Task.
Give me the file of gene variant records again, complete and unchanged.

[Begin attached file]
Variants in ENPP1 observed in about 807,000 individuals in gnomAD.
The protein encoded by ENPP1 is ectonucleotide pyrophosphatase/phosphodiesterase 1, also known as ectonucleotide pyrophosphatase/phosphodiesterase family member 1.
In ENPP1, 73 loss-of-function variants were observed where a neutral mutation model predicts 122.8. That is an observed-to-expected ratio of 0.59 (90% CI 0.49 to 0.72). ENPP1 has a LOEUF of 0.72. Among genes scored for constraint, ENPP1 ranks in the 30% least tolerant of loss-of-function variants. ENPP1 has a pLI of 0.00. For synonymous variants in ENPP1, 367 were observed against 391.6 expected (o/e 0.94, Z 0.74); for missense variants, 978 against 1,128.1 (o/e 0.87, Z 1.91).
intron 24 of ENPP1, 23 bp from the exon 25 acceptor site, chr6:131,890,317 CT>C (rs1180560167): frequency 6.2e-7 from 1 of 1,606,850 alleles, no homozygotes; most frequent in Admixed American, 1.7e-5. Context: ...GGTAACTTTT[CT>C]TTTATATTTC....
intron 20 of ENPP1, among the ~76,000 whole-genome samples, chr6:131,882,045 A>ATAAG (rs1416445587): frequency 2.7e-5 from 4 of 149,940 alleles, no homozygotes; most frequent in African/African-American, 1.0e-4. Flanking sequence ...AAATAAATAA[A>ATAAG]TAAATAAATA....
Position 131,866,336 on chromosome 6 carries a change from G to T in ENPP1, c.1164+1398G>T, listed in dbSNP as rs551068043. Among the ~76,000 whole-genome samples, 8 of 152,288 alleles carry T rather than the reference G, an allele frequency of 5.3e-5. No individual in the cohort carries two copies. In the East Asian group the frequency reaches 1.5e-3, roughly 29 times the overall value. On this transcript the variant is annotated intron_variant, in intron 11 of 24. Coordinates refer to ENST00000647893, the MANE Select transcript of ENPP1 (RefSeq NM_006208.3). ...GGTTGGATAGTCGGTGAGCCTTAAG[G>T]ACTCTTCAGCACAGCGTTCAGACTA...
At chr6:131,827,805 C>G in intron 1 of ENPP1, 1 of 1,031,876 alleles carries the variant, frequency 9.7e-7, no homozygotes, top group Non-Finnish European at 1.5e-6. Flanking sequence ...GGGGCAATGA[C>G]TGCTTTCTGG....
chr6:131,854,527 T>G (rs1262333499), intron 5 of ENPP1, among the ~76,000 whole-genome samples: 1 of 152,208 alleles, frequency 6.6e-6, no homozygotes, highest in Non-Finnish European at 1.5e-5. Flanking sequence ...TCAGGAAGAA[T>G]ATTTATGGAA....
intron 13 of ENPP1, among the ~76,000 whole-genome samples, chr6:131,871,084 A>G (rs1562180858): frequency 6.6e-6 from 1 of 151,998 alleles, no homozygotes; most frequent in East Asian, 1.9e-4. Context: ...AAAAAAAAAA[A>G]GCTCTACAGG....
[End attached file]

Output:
Variants in ENPP1 observed in about 807,000 individuals in gnomAD.
The protein encoded by ENPP1 is ectonucleotide pyrophosphatase/phosphodiesterase 1, also known as ectonucleotide pyrophosphatase/phosphodiesterase family member 1.
In ENPP1, 73 loss-of-function variants were observed where a neutral mutation model predicts 122.8. That is an observed-to-expected ratio of 0.59 (90% CI 0.49 to 0.72). ENPP1 has a LOEUF of 0.72. Among genes scored for constraint, ENPP1 ranks in the 30% least tolerant of loss-of-function variants. ENPP1 has a pLI of 0.00. For synonymous variants in ENPP1, 367 were observed against 391.6 expected (o/e 0.94, Z 0.74); for missense variants, 978 against 1,128.1 (o/e 0.87, Z 1.91).
intron 24 of ENPP1, 23 bp from the exon 25 acceptor site, chr6:131,890,317 CT>C (rs1180560167): frequency 6.2e-7 from 1 of 1,606,850 alleles, no homozygotes; most frequent in Admixed American, 1.7e-5. Context: ...GGTAACTTTT[CT>C]TTTATATTTC....
intron 20 of ENPP1, among the ~76,000 whole-genome samples, chr6:131,882,045 A>ATAAG (rs1416445587): frequency 2.7e-5 from 4 of 149,940 alleles, no homozygotes; most frequent in African/African-American, 1.0e-4. Flanking sequence ...AAATAAATAA[A>ATAAG]TAAATAAATA....
Position 131,866,336 on chromosome 6 carries a change from G to T in ENPP1, c.1164+1398G>T, listed in dbSNP as rs551068043. Among the ~76,000 whole-genome samples, 8 of 152,288 alleles carry T rather than the reference G, an allele frequency of 5.3e-5. No individual in the cohort carries two copies. In the East Asian group the frequency reaches 1.5e-3, roughly 29 times the overall value. On this transcript the variant is annotated intron_variant, in intron 11 of 24. Coordinates refer to ENST00000647893, the MANE Select transcript of ENPP1 (RefSeq NM_006208.3). ...GGTTGGATAGTCGGTGAGCCTTAAG[G>T]ACTCTTCAGCACAGCGTTCAGACTA...
At chr6:131,827,805 C>G in intron 1 of ENPP1, 1 of 1,031,876 alleles carries the variant, frequency 9.7e-7, no homozygotes, top group Non-Finnish European at 1.5e-6. Flanking sequence ...GGGGCAATGA[C>G]TGCTTTCTGG....
chr6:131,854,527 T>G (rs1262333499), intron 5 of ENPP1, among the ~76,000 whole-genome samples: 1 of 152,208 alleles, frequency 6.6e-6, no homozygotes, highest in Non-Finnish European at 1.5e-5. Flanking sequence ...TCAGGAAGAA[T>G]ATTTATGGAA....
intron 13 of ENPP1, among the ~76,000 whole-genome samples, chr6:131,871,084 A>G (rs1562180858): frequency 6.6e-6 from 1 of 151,998 alleles, no homozygotes; most frequent in East Asian, 1.9e-4. Context: ...AAAAAAAAAA[A>G]GCTCTACAGG....